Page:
In Washington, parents are optimistic that lawmakers can find more money for special education, after they met a court mandate last year to spend more on education more broadly. Legislative staff have said that funding could help train more educators, both around which restraint and isolation tactics are appropriate and how to comply with relevant state and federal laws. Rep. Stonier says they’re both important.
“It may be that educators, that school security officers, that principals don’t recognize that they’re breaking the law when they’re not in compliance,” Stonier said.
But Stonier said it will take more than money to get school administrators to follow the law.
“The funding will help with training,” Stonier said. “It won’t help with reporting, unless that’s reinforced.”
And unless there’s stronger enforcement from above, such as state investigators, it may come from below, from parents.
When the Putmans tried that, the family came away frustrated, and the teacher defensive. Sometimes parents don’t have to sue to convince a district of its legal responsibility.
“I was forced to learn the law,” said Katherine Sheppard, whose daughter Isabel struggled to learn at Vancouver’s Hough Elementary School. “Many of us are forced to take our kids out of the school, so they can have a better education.”
When Sheppard’s daughter was in second grade, she was placed was in a loud, chaotic specialized room where she couldn’t learn, her mom says.
Sheppard said her daughter started seeking out the isolation room, bringing up a gray area in the laws over school isolations. State law is clear in Oregon and Washington that students should only be physically restrained or forcibly isolated when it’s an emergency.
But if children choose to calm down in a secluded space, the rules are different.
“The teacher told me, ‘Sometimes she asks to be in there. She wants to be in there,’” Sheppard said. “And I told the teacher, ‘Well, if she sees other kids being in there, of course, she’s going to want to go in there.’
“She thinks it’s normal to be in there — and it’s not.”
Sheppard says a difficult classroom, the isolation concerns and her daughter’s academic decline led the family to enroll Isabel in a private school.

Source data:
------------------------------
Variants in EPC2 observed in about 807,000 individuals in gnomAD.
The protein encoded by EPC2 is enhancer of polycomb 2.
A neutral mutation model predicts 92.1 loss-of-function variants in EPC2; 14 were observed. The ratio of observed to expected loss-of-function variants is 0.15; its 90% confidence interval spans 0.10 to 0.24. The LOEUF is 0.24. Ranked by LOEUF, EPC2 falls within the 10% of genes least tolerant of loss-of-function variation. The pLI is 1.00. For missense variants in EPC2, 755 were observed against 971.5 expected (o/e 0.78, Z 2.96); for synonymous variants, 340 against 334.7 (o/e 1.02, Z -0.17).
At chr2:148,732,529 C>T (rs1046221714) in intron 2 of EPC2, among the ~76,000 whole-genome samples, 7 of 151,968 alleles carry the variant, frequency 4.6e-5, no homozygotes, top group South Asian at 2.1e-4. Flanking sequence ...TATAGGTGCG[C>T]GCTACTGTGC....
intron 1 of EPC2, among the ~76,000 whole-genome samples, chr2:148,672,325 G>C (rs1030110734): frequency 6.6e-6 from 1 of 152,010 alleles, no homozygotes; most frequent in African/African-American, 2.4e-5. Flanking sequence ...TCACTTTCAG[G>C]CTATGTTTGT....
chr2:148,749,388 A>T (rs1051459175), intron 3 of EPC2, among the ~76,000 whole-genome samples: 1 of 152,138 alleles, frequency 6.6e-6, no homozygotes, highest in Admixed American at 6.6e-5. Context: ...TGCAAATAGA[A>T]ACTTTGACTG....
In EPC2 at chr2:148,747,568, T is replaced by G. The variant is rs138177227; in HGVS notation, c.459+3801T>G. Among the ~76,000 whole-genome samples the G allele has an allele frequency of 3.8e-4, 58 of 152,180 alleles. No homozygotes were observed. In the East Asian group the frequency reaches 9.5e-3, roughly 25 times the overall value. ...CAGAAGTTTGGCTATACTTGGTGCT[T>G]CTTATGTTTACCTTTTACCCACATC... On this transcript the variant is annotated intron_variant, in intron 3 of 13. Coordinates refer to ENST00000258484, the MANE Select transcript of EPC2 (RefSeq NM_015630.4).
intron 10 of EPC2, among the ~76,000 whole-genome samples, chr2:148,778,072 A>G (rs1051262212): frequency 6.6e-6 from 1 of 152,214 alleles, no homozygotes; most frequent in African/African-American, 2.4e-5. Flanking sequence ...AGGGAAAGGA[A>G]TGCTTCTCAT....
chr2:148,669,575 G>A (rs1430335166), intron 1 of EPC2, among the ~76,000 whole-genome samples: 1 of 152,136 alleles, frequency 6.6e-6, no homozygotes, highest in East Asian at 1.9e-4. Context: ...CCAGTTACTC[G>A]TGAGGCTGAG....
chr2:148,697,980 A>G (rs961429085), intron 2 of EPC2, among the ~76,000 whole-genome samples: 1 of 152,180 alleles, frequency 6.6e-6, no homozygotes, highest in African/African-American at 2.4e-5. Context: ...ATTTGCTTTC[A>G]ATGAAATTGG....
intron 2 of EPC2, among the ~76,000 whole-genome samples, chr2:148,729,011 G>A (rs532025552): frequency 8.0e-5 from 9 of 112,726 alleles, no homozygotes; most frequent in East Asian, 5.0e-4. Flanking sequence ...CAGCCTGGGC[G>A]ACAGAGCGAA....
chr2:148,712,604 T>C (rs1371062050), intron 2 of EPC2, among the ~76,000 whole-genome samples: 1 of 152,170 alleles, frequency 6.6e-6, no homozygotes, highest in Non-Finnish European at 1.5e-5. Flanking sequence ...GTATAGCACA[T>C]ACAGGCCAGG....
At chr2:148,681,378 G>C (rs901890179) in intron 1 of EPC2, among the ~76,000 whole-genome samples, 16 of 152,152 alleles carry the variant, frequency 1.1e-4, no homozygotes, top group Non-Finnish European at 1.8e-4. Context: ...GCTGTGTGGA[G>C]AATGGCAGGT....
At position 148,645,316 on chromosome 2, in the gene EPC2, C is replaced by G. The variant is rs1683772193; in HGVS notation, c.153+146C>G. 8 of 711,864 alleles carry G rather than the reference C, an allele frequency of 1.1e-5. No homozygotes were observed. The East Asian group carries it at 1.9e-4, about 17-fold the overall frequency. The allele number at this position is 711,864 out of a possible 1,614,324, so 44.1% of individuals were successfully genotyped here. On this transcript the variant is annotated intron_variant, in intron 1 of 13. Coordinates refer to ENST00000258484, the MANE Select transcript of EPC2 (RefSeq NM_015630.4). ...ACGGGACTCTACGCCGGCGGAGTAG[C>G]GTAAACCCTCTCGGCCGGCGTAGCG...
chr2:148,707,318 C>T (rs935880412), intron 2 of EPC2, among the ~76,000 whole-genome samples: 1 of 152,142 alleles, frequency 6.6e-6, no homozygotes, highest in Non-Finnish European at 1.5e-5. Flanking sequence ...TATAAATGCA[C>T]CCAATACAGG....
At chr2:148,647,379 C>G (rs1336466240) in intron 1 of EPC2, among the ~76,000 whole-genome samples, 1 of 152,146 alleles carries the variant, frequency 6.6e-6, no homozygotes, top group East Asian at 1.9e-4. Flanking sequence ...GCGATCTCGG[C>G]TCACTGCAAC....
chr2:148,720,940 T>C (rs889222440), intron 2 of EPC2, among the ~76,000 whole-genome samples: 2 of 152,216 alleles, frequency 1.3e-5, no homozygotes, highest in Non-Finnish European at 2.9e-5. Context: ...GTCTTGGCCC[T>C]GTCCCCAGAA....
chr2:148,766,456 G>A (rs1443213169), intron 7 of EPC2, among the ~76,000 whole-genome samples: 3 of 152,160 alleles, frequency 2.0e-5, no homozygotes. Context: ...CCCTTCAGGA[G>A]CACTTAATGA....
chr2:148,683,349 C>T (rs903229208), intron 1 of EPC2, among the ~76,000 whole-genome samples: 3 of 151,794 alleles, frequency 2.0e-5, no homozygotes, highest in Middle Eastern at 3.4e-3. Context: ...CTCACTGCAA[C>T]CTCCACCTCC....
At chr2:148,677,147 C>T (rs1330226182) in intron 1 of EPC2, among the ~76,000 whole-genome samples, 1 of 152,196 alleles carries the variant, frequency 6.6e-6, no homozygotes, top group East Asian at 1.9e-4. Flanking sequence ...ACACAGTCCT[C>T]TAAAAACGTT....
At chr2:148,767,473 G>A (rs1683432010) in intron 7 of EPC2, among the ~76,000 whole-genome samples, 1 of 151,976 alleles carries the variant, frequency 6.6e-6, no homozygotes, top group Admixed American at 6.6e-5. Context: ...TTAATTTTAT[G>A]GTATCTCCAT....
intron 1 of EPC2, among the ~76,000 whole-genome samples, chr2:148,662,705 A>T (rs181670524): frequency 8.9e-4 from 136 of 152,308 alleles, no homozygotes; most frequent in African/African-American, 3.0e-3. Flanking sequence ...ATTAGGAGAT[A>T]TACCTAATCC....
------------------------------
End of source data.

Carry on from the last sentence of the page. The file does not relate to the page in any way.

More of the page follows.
In what Sheppard says shouldn’t have been a gray area, she and the district debated Isabel’s eligibility for special education services from Vancouver Public Schools. When Sheppard sat down with district officials, she says they tried to get her to agree to a less rigorous plan.
Sheppard left the meeting accusing the district of trying to shortchange Isabel.
“The next day I get a phone call from the school district, apologizing, saying I was right,” Sheppard said.
It’s a solution that worked for the Sheppards, but like parents who have reached private settlements with school districts, it’s not a fix that helps anyone else.
Sheppard says she wanted legal training for school officials, and she doesn’t see evidence of that. Isabel attends private school on the family’s dime now, her mother said, but gets certain services from VPS.
All sides agree providing appropriate special education services to children with disabilities is enormously complex, and the solutions inevitably circle back to money. In Oregon, special ed is likely to be part of a huge effort to find more money for schools that’s been the focus of a special legislative committee for more than a year.
Washington made substantial state investments in public schools last year, but due to the complicated balance with local revenue, many districts have been forced to make cuts this spring.
Still, Rep. Stonier hopes her colleagues will invest in students with disabilities this year.
“What was left out of that was special ed, so I think that’s our next chapter in Washington state,” she said.
Stonier says school district spending is itself complicated — and dedicating money to certain purposes can have unintended consequences. Programs that relied on multiple funding sources may suffer, for instance.
When the administrators in charge of Vancouver Public Schools’ special education program were asked what they would do with more money for special education, they didn’t immediately have an answer.
“Very good question,” Daniel Bettis, special services executive director, said after a long pause.
In the end, Bettis explained that special ed competes for money in the overall district budget with other school needs. He says if lawmakers spent more specifically on special education, that choice could mean less money coming out of the regular budget for students with disabilities.
It’s shifting of funds like that which lead lawmakers such as Stonier to shy away from simple fixes, like adding money without really thinking through the ramifications. Parents and advocates hope the long-term approach will also involve districts building relationships with families on how to support, rather than control, some of the region’s most challenging children.
Editor’s Note: The chart titled “Oregon School Restraint & Seclusion Rates” has been updated with 2016-17 rates for the Eugene 4J and Tigard-Tualatin school districts.